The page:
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"S--t" is said three times, "bitch" once, "ass" and other versions a few times, "pissed," "hell," "mother puss bucket," "schizo," and jokes about an EPA official having no "d--k."
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Products & Purchases
Coke is seen a few times, a Twinkie is used as a metaphor, and one of the Ghostbusters shouts, "it's Miller time." Cheez-Its and Budweiser are consumed. A montage shows the Ghostbusters on the cover of some prominent magazines like Time and The Atlantic with voices of Casey Kasem and Larry King in background.
Drinking, Drugs & Smoking
Lots of smoking, mostly by Peter and Ray, who often have a cigarette dangling from their lips while catching ghosts. They also share a bottle of hard alcohol after being fired from their jobs and are seen drinking beer a few times. A ghost chugs wine that goes right through him.
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Parents Need to Know
Parents need to know that Ghostbusters is an iconic '80s movie that mixes a ton of humor -- some of the jokes holding up poorly over time -- in with its story about catching scary ghosts and the possible end of the world. The scariest part is probably the large dogs with glowing eyes that attack and possess two characters, though the now-dated special effects may not faze older kids. There's some strong language (including "s--t" a few times) and some sexually charged scenes, including one in which a character fantasizes briefly about a ghost giving him oral pleasure and another where a possessed woman writhes around and says "I want you inside me" to a male character, who laughs it off. Keep an eye out for two male characters who aggressively pursue women and cross professional and physical boundaries; their behavior is played for laughs and even presented as romantic, at least for the main character. Two Ghostbusters do a lot of smoking, often dangling a cigarette out of their mouths while trying to catch ghosts. To stay in the loop on more movies like this, you can sign up for weekly Family Movie Night emails.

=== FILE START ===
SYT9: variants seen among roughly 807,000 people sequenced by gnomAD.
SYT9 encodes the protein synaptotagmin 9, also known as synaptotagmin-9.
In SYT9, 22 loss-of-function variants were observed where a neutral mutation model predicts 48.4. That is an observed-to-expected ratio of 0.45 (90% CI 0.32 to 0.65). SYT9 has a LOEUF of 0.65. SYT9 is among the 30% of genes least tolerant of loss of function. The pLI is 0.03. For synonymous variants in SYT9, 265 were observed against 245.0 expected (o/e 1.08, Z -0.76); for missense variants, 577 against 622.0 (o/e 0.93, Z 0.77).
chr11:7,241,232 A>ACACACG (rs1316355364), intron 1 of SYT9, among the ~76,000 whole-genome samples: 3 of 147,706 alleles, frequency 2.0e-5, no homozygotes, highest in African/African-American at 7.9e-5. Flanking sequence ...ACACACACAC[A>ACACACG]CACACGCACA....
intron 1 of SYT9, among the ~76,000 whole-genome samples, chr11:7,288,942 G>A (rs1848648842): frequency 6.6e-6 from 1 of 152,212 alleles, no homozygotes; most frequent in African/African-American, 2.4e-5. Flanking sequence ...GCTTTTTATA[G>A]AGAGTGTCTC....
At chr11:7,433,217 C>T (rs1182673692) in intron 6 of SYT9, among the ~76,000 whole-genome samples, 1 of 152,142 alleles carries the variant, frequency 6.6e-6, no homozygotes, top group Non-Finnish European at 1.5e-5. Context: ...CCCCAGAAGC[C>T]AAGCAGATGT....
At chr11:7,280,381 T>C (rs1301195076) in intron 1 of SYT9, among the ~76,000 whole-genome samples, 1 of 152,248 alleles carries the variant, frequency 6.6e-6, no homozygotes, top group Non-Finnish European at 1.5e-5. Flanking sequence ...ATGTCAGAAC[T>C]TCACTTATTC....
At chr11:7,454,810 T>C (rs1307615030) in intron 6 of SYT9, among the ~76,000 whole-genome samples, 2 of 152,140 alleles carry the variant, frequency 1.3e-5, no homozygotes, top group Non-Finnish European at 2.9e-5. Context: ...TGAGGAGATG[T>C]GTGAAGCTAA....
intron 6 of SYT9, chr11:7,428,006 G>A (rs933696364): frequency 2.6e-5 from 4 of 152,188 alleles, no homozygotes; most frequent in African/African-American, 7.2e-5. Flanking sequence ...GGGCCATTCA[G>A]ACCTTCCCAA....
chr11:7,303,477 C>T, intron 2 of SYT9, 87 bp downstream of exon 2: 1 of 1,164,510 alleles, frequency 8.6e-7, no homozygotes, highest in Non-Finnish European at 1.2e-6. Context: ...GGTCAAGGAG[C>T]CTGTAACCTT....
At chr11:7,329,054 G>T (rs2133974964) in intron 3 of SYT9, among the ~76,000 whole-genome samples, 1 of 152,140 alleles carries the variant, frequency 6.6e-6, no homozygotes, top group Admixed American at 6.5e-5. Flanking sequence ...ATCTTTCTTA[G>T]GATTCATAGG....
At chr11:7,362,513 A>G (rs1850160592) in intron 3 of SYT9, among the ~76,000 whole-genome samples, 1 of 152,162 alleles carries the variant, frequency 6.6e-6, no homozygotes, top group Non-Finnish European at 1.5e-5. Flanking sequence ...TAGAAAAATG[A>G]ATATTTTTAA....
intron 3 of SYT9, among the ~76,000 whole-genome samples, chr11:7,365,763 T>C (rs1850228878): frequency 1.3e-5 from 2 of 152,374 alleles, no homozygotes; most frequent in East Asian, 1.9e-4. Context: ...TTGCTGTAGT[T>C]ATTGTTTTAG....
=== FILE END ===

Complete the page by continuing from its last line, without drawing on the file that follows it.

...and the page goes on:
Is It Any Good?
Director Ivan Reitman's movie succeeds in combining comedy, action, and some scary stuff. Although Ghostbusters has some frightening moments -- and its "boys will be boys" handling of romance holds up extremely poorly -- Murray, Aykroyd, and Ramis provide enough comic relief to lighten the fears. Considering its 1984 release date, the film's special effects are impressive, though today's kids may find them eye-roll-inducing. Younger kids might need their eyes covered during scary moments, and post-viewing conversations about what constitutes sexual harassment would not go amiss.
Did we miss something on diversity?
Research shows a connection between kids' healthy self-esteem and positive portrayals in media. That's why we've added a new "Diverse Representations" section to our reviews that will be rolling out on an ongoing basis. You can help us help kids by suggesting a diversity update.